Clear guidelines and strong partnerships between the public and private sector are the key to delivering much-needed affordable homes, experts agreed at Real Asset Media’s Towards Affordable Cities briefing, which took place online this week.
“Councils that have a clear vision and clear objectives allow investments to happen,” said Anette Simpson, director of development & partnerships, Legal & General Affordable Homes. “It’s also important to be clear about what each side wants to get out of the partnership.”
The lack of affordable housing is a huge problem in the UK, with over 1.2 million people on waiting lists, she said. In England alone, 150,000 homes a year are needed but only 50,000 are actually built. There is a shortage in Scotland as well.
“In Edinburgh the social housing stock’s been very depleted by the selling policies of the ‘80s so we have a large programme to build more,” said Adam McVey, council leader, City of Edinburgh. “We’re building 20,000 affordable homes but we need thousands more.”
Housing associations can play their part.
“We’re a big fan of partnerships with housing associations because we can achieve so much working together,” said Simpson. “We can bring our capital and expertise to enable them to do more.”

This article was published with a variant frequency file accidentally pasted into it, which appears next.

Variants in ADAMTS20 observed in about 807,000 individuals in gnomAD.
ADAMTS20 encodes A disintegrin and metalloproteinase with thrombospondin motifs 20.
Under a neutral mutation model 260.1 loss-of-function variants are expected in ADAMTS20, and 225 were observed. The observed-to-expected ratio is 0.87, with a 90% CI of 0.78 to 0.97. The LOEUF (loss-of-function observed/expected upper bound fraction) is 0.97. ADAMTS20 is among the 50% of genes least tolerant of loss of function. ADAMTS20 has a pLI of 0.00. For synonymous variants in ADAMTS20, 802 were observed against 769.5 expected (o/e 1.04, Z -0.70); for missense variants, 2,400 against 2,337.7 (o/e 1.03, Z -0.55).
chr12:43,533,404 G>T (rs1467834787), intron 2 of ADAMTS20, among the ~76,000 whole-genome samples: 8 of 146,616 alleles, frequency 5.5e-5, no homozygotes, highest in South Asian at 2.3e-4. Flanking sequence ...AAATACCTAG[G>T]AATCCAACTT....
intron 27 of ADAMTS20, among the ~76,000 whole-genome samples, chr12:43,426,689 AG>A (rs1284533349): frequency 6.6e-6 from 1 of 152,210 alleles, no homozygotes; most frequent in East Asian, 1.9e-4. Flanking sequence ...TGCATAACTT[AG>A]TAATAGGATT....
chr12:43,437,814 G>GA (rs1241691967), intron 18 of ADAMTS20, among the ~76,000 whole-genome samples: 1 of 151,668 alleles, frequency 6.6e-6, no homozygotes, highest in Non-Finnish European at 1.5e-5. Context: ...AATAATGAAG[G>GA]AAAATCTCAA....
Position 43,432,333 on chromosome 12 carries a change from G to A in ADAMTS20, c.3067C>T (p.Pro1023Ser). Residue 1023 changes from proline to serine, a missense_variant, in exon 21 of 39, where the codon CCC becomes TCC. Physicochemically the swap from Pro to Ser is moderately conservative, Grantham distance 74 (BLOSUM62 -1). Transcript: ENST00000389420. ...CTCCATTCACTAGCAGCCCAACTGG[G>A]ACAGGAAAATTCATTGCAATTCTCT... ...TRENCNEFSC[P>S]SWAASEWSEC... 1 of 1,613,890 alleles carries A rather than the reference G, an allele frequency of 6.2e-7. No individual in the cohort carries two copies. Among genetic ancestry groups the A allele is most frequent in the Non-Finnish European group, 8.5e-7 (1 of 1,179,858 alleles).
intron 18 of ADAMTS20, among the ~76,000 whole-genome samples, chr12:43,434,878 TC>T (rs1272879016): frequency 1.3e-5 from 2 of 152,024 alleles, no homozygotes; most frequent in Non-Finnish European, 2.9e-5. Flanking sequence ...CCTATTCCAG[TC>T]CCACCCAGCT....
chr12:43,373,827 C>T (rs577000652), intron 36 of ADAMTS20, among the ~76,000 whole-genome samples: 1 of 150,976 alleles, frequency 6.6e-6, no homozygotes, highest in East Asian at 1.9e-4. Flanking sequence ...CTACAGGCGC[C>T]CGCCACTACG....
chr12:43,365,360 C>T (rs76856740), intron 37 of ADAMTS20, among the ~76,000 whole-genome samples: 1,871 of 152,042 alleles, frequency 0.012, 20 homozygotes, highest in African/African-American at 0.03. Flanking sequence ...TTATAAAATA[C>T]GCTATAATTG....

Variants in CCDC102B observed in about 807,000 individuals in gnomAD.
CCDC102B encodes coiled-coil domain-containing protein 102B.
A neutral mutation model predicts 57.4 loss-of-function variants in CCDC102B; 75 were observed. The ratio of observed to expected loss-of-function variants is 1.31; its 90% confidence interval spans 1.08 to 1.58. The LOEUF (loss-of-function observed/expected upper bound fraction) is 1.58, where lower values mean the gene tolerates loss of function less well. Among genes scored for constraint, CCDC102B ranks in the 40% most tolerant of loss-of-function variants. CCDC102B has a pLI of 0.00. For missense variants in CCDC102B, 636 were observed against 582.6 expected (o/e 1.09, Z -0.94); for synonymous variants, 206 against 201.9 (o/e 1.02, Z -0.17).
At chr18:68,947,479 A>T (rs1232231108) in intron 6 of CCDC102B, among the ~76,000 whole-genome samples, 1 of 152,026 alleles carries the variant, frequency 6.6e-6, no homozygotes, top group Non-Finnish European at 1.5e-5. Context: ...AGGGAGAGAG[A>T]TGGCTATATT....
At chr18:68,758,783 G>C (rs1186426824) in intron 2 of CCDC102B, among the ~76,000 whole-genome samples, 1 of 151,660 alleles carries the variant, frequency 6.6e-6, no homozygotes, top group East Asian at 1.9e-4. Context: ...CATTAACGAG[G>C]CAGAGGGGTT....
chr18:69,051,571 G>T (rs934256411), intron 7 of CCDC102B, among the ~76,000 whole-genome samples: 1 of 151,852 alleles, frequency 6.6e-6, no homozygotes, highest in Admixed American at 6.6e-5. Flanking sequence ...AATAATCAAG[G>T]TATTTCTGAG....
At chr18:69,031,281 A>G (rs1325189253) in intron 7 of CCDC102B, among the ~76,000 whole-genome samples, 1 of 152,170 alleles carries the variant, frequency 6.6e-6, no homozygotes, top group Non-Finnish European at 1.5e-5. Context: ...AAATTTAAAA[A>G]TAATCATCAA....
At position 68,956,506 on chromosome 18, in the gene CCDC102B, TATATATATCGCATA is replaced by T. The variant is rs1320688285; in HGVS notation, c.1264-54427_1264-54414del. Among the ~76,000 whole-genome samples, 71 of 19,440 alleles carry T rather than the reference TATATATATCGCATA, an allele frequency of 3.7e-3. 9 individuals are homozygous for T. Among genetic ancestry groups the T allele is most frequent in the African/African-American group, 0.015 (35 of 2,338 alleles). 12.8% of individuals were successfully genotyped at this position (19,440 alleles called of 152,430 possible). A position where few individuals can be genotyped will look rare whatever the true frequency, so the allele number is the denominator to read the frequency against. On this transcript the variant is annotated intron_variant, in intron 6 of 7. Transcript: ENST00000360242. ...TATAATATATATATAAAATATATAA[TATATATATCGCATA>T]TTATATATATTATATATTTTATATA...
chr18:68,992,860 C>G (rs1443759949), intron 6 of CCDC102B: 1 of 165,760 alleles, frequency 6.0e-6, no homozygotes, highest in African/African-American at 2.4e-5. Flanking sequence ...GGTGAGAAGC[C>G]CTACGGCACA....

In Stirling, which has been rated the most affordable city to live in the UK for several years, there are two housing associations, one focusing on the city and one on the rural hinterland.
“Our role is to create opportunities for the private sector to provide different types of housing,” said Scott Farmer, leader of Stirling Council. “We must make it easier in terms of the regulatory framework while keeping standards high. The one-stop approach shows you’re open for business and attracts investment in affordable housing.”
Clear vision for city development is needed
Local authorities must assess what types of housing are needed and set out a clear vision for the city’s development, Farmer said. Clear parameters will give confidence to investors and create a positive dynamic to enable the private sector to invest.
“Some councils have a partnership approach and they’re great enablers,” said John Harcourt, managing director, Kajima Properties. “By combining private sector skills and public sector bankability you can achieve a lot.”
It can be difficult to know exactly what is expected in affordable housing provision and the rules vary in different places.
“New York City is extremely prescriptive, the requirements are standardised, the permits process clear and all developers know exactly what to expect,” said Adina David, director of urban living, Greystar. “But in other cities, including London, it’s a big unknown. If the rules were clearer and the process more streamlined and transparent, it would help us deliver more homes.”
But if the authorities are still debating what the exact definition of affordable housing is, what the cap rates should be and what level rents should be at, then companies are at a disadvantage and homes don’t get built.
“Transparency and clarity are key,” said Simpson. “Too many unknowns are off-putting for investors.”